QMT Features: August 2014
Powering up
Reverse engineering is helping power companies generate up to 15% more power


Power generator Southern California Edison used Verisurf software to reverse engineer steam turbine rotor assemblies to support the installation of new and improved blades. Its engineers are now applying those lessons for other operators.

Steam turbines still generate approximately 90% of the electrical power in the United States. But most of the steam turbine power plants in use today were built over 60 years ago, long before CAD and advanced surface and fluid analysis.  So when plants are taken offline for maintenance, repair and overhaul, there is an opportunity to upgrade turbine rotors with more efficient blades that are capable of generating 8-15% more power from the same rotor configuration.  
The turbine housings are extremely large castings and the rotor assemblies have tight tolerances, which makes the design and integration of improved blades tricky. This is compounded by the fact that drawings and detailed plans for the original rotor assemblies do not exist; requiring a detailed ‘as built’ dimensional CAD model of the entire rotor – coupling face, shaft, bearings, steam seals and bladding area.

Southern California Edison created Edison ESI in 1987 specifically to support the metrology requirements of its nuclear and conventional electric power generating plants. In the beginning Edison ESI employed a team of people to capture 2D measurements using traditional hand tools (rulers, tapes, calipers, plumb-bobs), then return to their offices to assemble the hand measurements into a 2D drawing. As metrology software and supporting digital capture devices evolved, Edison EDI standardized on Verisurf Software as its application of choice. As power utilities deregulated, Edison EDI was able to offer services outside of Edison and quickly became the preferred choice among power companies worldwide to provide metrology consulting services.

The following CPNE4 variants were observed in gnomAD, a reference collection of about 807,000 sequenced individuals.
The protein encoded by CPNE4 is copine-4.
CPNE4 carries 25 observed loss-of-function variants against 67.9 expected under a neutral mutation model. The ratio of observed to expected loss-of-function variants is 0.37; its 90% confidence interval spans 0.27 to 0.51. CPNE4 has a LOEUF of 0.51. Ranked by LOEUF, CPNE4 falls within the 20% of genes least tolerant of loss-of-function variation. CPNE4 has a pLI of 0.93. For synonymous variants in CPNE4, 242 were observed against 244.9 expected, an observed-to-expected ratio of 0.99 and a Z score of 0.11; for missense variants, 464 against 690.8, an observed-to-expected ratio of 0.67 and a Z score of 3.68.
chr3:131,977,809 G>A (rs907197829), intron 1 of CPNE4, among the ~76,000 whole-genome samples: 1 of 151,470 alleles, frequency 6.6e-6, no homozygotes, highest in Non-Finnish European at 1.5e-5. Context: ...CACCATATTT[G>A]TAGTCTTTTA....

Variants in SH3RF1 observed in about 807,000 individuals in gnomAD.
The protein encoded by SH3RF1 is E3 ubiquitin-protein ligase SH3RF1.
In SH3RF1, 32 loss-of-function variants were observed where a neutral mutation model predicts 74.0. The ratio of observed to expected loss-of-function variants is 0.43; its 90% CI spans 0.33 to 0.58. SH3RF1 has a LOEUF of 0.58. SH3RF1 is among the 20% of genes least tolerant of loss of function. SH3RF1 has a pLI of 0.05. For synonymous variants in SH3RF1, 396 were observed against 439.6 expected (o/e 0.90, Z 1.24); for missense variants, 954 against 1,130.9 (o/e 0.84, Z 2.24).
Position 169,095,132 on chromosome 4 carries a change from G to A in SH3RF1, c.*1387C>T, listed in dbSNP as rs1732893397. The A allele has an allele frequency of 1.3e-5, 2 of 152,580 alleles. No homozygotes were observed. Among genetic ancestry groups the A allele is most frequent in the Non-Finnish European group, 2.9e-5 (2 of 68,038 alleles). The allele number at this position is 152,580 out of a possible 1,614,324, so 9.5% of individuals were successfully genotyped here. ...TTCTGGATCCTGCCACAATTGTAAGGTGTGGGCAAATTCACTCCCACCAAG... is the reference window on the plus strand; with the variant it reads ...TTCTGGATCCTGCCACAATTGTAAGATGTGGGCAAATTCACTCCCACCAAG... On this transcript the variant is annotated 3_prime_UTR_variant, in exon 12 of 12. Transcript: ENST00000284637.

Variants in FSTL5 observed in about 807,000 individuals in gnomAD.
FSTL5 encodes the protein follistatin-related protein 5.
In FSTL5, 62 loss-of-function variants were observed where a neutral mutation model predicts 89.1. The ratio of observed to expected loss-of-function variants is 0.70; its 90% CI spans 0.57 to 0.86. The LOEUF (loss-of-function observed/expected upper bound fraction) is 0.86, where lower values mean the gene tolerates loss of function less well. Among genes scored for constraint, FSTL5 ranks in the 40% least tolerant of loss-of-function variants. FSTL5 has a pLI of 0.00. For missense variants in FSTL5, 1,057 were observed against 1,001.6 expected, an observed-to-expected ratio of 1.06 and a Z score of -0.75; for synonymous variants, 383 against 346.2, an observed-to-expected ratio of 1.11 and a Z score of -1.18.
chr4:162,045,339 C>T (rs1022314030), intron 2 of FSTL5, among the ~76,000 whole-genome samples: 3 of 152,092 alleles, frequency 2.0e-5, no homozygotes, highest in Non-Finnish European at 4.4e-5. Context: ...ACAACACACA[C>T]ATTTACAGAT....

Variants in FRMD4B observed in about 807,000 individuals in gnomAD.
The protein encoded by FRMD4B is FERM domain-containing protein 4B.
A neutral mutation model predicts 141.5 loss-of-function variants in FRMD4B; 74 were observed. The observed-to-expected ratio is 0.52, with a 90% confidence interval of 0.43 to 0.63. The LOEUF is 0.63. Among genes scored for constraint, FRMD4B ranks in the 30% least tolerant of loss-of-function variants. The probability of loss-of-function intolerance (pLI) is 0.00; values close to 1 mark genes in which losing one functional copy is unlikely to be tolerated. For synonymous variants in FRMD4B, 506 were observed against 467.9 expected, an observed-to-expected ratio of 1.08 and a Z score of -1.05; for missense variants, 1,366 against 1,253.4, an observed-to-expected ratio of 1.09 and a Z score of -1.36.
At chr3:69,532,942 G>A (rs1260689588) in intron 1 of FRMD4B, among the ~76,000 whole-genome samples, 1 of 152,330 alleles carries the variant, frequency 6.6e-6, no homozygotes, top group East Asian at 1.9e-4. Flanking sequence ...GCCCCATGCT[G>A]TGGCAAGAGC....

“My team and I have traveled all over the world providing ‘as built’ and ‘best fit’ data for turbine fan retrofits,” said Peter Tavis, Quality Control Inspector for Edison ESI. “Our data has always been considered to be highly accurate gaining us the reputation as the ‘go to’ source for reverse engineering of rotor assemblies.” Turbine rotor assembly tolerances are extremely tight; errors can be catastrophic.

A typical turbine fan can rotate at 3,600 RPM. At this speed the blade tips are turning at close to the speed of sound. All components, including coupling face, bearings and shaft must match the rotor exactly.
Verisurf Reverse Software can process scan or probe data to produce usable 2D or 3D manufacturing models, as well as producing the final deliverable of an intelligent CAD model. Retrofit turbine fan manufacturers are able to import the data directly into their CAD/CAM application and provide a ‘best fit’ for the new fan. The reverse engineering of the rotor assembly requires probe data as opposed to scan data, which means fewer data points but greater accuracy. Typically a Faro Platinum portable CMM is used for probing. Given the nature of the rotor assembly the final output is a 2D CAD model.
Due to location and size of steam turbines portability of the overall metrology solution is important. Since Verisurf serves has a common metrology platform, compatible with all digital measuring devices including portable CMMs and scanners, it is just a matter of selecting the right digital measuring device.www.verisurf.com
  
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Rob Tremain Photographer
www.4exposure.co.uk
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